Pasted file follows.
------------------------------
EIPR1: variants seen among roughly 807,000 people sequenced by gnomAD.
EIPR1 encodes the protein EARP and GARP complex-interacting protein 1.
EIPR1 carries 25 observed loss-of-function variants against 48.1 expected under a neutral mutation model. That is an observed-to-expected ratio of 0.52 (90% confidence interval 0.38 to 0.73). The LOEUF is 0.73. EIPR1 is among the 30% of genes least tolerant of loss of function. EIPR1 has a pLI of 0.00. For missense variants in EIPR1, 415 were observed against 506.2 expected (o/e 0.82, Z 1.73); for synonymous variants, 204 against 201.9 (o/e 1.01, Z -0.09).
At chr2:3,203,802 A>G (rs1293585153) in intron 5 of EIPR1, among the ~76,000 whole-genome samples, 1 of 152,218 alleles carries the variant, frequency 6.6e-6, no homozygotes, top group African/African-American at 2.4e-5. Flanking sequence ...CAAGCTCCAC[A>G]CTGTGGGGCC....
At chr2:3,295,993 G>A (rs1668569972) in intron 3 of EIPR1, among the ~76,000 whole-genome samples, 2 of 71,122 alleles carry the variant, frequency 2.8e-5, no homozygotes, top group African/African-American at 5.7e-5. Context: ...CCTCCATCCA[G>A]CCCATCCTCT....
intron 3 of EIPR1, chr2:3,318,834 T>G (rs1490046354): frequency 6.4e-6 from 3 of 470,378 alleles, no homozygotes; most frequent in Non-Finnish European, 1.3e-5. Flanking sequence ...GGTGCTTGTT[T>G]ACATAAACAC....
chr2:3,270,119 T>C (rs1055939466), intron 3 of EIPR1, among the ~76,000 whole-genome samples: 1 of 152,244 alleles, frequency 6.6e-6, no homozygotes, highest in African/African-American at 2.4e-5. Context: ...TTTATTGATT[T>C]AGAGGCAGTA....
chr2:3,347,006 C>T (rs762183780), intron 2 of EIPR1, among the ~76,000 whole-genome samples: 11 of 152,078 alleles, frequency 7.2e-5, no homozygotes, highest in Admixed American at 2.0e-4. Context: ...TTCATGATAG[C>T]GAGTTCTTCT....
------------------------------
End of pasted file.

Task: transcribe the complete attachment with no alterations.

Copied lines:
EIPR1: variants seen among roughly 807,000 people sequenced by gnomAD.
EIPR1 encodes the protein EARP and GARP complex-interacting protein 1.
EIPR1 carries 25 observed loss-of-function variants against 48.1 expected under a neutral mutation model. That is an observed-to-expected ratio of 0.52 (90% confidence interval 0.38 to 0.73). The LOEUF is 0.73. EIPR1 is among the 30% of genes least tolerant of loss of function. EIPR1 has a pLI of 0.00. For missense variants in EIPR1, 415 were observed against 506.2 expected (o/e 0.82, Z 1.73); for synonymous variants, 204 against 201.9 (o/e 1.01, Z -0.09).
At chr2:3,203,802 A>G (rs1293585153) in intron 5 of EIPR1, among the ~76,000 whole-genome samples, 1 of 152,218 alleles carries the variant, frequency 6.6e-6, no homozygotes, top group African/African-American at 2.4e-5. Flanking sequence ...CAAGCTCCAC[A>G]CTGTGGGGCC....
At chr2:3,295,993 G>A (rs1668569972) in intron 3 of EIPR1, among the ~76,000 whole-genome samples, 2 of 71,122 alleles carry the variant, frequency 2.8e-5, no homozygotes, top group African/African-American at 5.7e-5. Context: ...CCTCCATCCA[G>A]CCCATCCTCT....
intron 3 of EIPR1, chr2:3,318,834 T>G (rs1490046354): frequency 6.4e-6 from 3 of 470,378 alleles, no homozygotes; most frequent in Non-Finnish European, 1.3e-5. Flanking sequence ...GGTGCTTGTT[T>G]ACATAAACAC....
chr2:3,270,119 T>C (rs1055939466), intron 3 of EIPR1, among the ~76,000 whole-genome samples: 1 of 152,244 alleles, frequency 6.6e-6, no homozygotes, highest in African/African-American at 2.4e-5. Context: ...TTTATTGATT[T>C]AGAGGCAGTA....
chr2:3,347,006 C>T (rs762183780), intron 2 of EIPR1, among the ~76,000 whole-genome samples: 11 of 152,078 alleles, frequency 7.2e-5, no homozygotes, highest in Admixed American at 2.0e-4. Context: ...TTCATGATAG[C>T]GAGTTCTTCT....